Antidepressant effects of inhibitors of cAMP phosphodiesterase (PDE4).
Trends Pharmacol Sci, 25 (2004), pp. 158-163
C.C. Mok.
Rituximab for the treatment of rheumatoid arthritis: an update.
Drug Des Dev Ther, 8 (2014), pp. 87-100
P. Chervinsky, E.O. Meltzer, W. Busse, K. Ohta, P. Bardin, D. Bredenbroker, et al.
Roflumilast for asthma: safety findings from a pooled analysis of ten clinical studies.
Pulm Pharmacol Ther, 35 (2015), pp. 22
N. Parikh, A.K. Chakraborti.
Phosphodiesterase 4 (PDE4) inhibitors in the treatment of COPD: promising drug candidates and future directions.
Curr Med Chem, 23 (2016), pp. 129-141
N. Moretto, P. Caruso, R. Bosco, G. Marchini, F. Pastore, E. Armani, et al.
CHF6001 I: a novel highly potent and selective phosphodiesterase 4 inhibitor with robust anti-inflammatory activity and suitable for topical pulmonary administration.
J Pharmacol Exp Ther, 352 (2015), pp. 559-567
A. Mulhall, C. Droege, N. Ernst, R. Panos, M. Zafar.
Phosphodiesterase 4 inhibitors for the treatment of chronic obstructive pulmonary disease: a review of current and developing drugs.
Expert Opin Investig Drugs, 24 (2015), pp. 1597-1611
Y. Cho, G.V. Crichlow, J.J. Vermeire, L. Leng, X. Du, M.E. Hodsdon, et al.
Allosteric inhibition of macrophage migration inhibitory factor revealed by ibudilast.
Proc Natl Acad Sci U S A, 107 (2010), pp. 11313-11318
I. Yougbare, C. Morin, F.Y. Senouvo, C. Sirois, R. Albadine, C. Lugnier, et al.
NCS 613, a potent and specific PDE4 inhibitor, displays anti-inflammatory effects on human lung tissues.
Am J Physiol Lung Cell Mol Physiol, 301 (2011), pp. L441-L450
M. Kobayashi, S. Kubo, K. Shiraki, M. Iwata, Y. Hirano, Y. Ohtsu, et al.
Therapeutic potential of ASP3258, a selective phosphodiesterase 4 inhibitor, on chronic eosinophilic airway inflammation.
Pharmacology, 90 (2012), pp. 223-232
A. Jindal, R. Mahesh, S. Bhatt.
Etazolate, a phosphodiesterase-4 enzyme inhibitor produces antidepressant-like effects by blocking the behavioral, biochemical, neurobiological deficits and histological abnormalities in hippocampus region caused by olfactory bulbectomy.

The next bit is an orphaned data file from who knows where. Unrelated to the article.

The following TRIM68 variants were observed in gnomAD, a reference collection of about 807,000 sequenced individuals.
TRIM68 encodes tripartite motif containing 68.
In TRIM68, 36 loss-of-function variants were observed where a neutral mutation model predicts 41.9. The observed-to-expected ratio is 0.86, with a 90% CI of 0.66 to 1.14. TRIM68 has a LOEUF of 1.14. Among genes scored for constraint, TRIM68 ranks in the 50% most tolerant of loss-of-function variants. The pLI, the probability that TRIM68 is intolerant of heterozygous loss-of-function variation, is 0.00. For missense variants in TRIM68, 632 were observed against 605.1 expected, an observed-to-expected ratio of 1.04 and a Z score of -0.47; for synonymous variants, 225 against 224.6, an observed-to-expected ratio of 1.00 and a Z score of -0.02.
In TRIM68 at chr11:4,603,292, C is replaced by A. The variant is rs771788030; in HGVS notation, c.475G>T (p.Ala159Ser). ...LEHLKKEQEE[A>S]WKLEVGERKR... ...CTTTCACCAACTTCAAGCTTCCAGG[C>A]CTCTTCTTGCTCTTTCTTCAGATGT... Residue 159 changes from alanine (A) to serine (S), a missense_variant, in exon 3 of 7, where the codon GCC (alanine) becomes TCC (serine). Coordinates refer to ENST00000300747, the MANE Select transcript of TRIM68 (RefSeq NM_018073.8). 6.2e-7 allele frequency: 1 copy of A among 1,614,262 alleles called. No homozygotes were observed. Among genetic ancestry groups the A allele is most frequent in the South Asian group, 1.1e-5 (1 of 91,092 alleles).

Psychopharmacology (Berl), 232 (2015), pp. 623-637
P.H. Schafer, A. Parton, L. Capone, D. Cedzik, H. Brady, J.F. Evans, et al.
Apremilast is a selective PDE4 inhibitor with regulatory effects on innate immunity.
Cell Signal, 26 (2014), pp. 2016-2029
D.C. New, Y.H. Wong.
Molecular mechanisms mediating the G protein-coupled receptor regulation of cell cycle progression.
J Mol Signal, 2 (2007), pp. 2
N. Eskandari, O. Mirmosayyeb, G. Bordbari, R. Bastan, Z. Yousefi, A. Andalib.
A short review on structure and role of cyclic-3′,5′-adenosine monophosphate-specific phosphodiesterase 4 as a treatment tool.
J Res Pharm Pract, 4 (2015), pp. 175-181
G. Schett, V.S. Sloan, R.M. Stevens, P. Schafer.
Apremilast: a novel PDE4 inhibitor in the treatment of autoimmune and inflammatory diseases.
Ther Adv Musculoskelet Dis, 2 (2010), pp. 271-278
A.Y. Wen, K.M. Sakamoto, L.S. Miller.
The role of the transcription factor CREB in immune function.
J Immunol, 185 (2010), pp. 6413-6419
R. Korhonen, E. Moilanen.
Mitogen-activated protein kinase phosphatase 1 as an inflammatory factor and drug target.
Basic Clin Pharmacol Toxicol, 114 (2014), pp. 24-36
K. Danova, A. Klapetkova, J. Kayserova, A. Sediva, R. Spisek, L.P. Jelinkova.